דף מידע אודות המשחק המלכותי של אוּר (The royal game of Ur)עריכה
מידע זמין בקלות ברשתעריכה
More than 4,500 years old, Ur is the oldest complete game board in the world. In the late 1920’s, during excavation of the city of UR in Mesopotamia (Iraq), Sir Leonard Woolley discovered four boards, three complete, with dice and pieces. Played for over 2000 years, the game must have had some merit. Yet, the only thing missing is the original rules of play.
Two of the boards date from before 2600 BCE. Each of the game boards is composed of a set of twelve squares and a set of six cases linked by a bridge of two cases. One board, thanks to the expert work of Woolley, was rescued relatively intact. It is exhibited in the collections of the British Museum in London. It is sumptuously decorated with shells carved with lapis lazuli and limestone. The squares are all covered with geometrical designs. The second game board, only partially reconstructed, is decorated with sheets of shell carved with images of animals and fighting beasts. The other boards were too decayed for reconstruction and their pieces, dice and plaques were scattered around. One feature all the boards had in common was an arrangement of five squares, each decorated with an eight petal rosette.
Sets of pawns were also found: seven white pawns with five black dots on each and seven black pawns with five white dots. Also two sets of three pyramid-like dice.
Another game board was found more recently in the tomb of the Queen Shub-ad, located about one thousand kilometers from Ur, that gives some clues to the play of that game. At this time two knucklebones, one of a sheep and one of an ox, were used instead of binary dice. The design is simpler with only threes square decorated with a rosette. The Babylonian tablet was discovered by Irving Finkel and dates around 177 BC. Irving Finkel, curator at the British Museum.
"The tablet shows the number and the names of the pawns, one of the dice (two knucklebones: one of sheep, one of ox), and a few details concerning the throws. It appears clearly that each of the five pawns owned by the players were different from one another and that a special throw was required to place each pawn at the beginning of the game. Among the twenty squares on the game board, five are generally decorated with a rosette and it seems that those squares are important in the course of the game. The tablet shows that those squares brought good luck, to place a pawn on them gave an advantage. If a pawn did not stop on a rosette, a penalty had to be paid. The scribe has described the fate of each pawn in a poetical way, the wins and the losses corresponding to the same efforts required to win enough food, drink and love."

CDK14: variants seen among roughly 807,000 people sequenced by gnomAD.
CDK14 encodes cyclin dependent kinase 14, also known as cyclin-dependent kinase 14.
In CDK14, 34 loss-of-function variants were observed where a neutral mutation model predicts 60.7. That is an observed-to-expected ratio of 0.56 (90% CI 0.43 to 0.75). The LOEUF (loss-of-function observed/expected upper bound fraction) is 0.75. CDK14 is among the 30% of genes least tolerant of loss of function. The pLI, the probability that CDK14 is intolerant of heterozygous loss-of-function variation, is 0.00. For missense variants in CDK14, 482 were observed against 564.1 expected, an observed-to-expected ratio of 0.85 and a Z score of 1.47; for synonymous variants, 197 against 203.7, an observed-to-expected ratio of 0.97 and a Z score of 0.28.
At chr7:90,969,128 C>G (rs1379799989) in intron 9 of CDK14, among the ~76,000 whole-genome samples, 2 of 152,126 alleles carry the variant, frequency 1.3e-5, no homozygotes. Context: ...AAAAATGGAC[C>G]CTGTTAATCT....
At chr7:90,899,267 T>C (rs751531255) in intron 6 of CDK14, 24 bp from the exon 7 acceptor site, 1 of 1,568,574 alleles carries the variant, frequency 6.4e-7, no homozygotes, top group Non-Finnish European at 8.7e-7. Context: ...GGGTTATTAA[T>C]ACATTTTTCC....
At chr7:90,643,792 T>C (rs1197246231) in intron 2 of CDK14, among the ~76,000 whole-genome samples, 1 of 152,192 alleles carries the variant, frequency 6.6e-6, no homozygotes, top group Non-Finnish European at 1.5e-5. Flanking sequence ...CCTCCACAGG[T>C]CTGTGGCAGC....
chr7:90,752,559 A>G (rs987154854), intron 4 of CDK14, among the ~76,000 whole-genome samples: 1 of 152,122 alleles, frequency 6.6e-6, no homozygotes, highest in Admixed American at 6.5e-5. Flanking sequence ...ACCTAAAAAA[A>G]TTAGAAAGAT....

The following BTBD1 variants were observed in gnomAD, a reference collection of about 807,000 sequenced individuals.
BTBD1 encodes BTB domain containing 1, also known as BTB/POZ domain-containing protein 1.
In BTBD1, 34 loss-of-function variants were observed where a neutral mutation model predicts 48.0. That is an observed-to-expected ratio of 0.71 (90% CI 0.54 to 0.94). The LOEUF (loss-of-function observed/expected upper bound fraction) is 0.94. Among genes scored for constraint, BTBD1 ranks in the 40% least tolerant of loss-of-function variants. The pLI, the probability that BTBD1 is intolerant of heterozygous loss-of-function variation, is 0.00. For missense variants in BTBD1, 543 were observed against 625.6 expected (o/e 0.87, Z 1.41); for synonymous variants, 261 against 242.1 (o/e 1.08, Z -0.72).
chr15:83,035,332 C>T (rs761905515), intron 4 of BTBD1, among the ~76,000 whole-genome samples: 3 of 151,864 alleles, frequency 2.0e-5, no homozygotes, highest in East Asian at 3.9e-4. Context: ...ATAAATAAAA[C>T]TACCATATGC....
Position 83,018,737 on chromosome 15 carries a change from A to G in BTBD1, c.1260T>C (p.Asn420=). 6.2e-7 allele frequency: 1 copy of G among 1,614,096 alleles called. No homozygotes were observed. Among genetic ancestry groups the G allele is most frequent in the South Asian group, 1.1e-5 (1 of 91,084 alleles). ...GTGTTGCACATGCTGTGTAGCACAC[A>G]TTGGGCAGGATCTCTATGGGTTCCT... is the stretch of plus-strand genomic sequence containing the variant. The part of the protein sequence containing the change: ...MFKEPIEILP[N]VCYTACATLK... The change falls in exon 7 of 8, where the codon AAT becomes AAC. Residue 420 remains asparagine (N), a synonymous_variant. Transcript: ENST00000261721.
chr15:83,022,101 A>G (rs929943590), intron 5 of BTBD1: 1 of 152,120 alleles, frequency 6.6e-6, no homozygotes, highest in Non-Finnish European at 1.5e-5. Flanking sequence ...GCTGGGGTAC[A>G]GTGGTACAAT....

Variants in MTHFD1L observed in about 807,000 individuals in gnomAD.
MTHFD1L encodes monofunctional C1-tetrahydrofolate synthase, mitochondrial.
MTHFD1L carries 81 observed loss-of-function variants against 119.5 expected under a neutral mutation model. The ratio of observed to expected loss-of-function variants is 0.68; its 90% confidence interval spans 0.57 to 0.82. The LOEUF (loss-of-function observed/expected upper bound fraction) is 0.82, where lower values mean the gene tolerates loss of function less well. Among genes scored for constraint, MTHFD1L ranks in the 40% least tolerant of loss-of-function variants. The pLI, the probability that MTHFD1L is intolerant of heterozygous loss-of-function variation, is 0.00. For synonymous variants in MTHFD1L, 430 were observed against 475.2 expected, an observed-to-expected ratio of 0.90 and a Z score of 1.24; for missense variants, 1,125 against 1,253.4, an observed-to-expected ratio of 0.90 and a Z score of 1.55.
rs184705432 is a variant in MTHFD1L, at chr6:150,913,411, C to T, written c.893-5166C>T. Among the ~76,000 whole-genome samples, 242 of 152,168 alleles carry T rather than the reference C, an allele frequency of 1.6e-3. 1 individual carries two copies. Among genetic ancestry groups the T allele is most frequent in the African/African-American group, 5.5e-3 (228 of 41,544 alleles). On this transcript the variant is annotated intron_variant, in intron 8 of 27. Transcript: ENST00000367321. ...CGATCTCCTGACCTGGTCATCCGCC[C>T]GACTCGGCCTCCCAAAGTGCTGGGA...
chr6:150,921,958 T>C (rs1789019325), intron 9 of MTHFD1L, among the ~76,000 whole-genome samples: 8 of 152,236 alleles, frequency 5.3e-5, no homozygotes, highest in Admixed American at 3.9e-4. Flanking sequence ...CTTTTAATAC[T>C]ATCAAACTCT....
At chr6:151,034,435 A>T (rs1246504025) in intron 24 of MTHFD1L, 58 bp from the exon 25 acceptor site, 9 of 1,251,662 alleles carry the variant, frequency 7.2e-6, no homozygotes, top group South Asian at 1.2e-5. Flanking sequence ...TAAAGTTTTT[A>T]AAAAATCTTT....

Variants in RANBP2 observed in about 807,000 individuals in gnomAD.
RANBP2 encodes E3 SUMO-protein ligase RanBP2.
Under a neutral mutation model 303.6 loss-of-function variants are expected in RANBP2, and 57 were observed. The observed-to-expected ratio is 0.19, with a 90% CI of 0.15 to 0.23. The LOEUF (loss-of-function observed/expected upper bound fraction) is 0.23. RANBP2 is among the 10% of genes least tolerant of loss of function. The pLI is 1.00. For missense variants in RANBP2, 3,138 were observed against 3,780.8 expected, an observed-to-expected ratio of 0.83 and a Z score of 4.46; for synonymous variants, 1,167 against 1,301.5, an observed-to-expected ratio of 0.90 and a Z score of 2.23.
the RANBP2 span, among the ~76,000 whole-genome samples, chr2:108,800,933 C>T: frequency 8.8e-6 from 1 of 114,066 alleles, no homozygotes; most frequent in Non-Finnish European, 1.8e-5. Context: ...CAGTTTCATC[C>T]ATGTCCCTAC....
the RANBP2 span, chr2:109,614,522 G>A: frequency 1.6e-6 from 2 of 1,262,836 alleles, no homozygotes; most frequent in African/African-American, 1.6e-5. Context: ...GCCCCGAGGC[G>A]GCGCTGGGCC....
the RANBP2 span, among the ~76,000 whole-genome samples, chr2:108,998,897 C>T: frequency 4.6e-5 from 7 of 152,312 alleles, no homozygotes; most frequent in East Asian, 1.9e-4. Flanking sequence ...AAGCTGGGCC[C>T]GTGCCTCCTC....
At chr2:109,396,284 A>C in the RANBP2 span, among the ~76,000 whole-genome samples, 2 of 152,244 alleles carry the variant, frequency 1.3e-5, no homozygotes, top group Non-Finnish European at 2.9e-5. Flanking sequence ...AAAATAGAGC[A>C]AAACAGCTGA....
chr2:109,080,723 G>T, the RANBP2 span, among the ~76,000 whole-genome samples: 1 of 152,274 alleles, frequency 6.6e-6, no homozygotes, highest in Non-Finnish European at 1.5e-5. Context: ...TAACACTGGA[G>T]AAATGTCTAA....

The tablet indicates that the game was a race to get one piece to the end of the board. The playing pieces were reduced from seven to five and each was named, requiring a special throw to enter each piece at the start of play. Some details about one die and the throws were also given. Rosette squares brought good luck and an advantage if landed upon; a penalty was paid if the rosette was passed over.
A description of the movement of the pawns is unfortunately missing. The back of the tablet shows four by three squares with zodiac signs and messages of good and bad luck. Mr. Finkel supposes that this was a simple game and a way to foresee the future and the fate of the players. The tablet shows that the game was used for gambling and divination.
In Egypt the game evolved by unfolding the last six squares of the board into a straight line. This is known as the game of twenty squares and was played in many parts of the ancient world. Boards have been found as far as India and some boards found dating to relatively recent times.
הנחות לגבי החוקיםעריכה
Special squares that must be rewarded if landed on and a corresponding penalty paid if crossed over. Not all rosettes are shared by both players and this must be taken into account when considering rewards.
Followers of Horus invaded early Egypt. The eyes and some attributes may be linked to the game rules. Blind on the night of a new moon. Fights injustice. Protects from danger. Warrior god. Flight over battles.
Last Six Squaresעריכה
The difference between the 20 square boards, for which the tablet was written, and the Ur board is the unfolding of the last six squares. This would mean that all pieces of both sides would move in the same direction and be forced to exit at the last rosette.
Rosettes, rams and bulls were recurring themes found in the tombs of Ur and in Mesopotamian imagery. Images of people or animals between, tethered to or eating rosettes are also common.
On the back of the tablet are twelve squares with zodiac signs and lucky or unlucky messages. “The scribe has described the fate of each pawn in a poetical way, the wins and the losses corresponding to the same effort required to win enough food, drink and love”.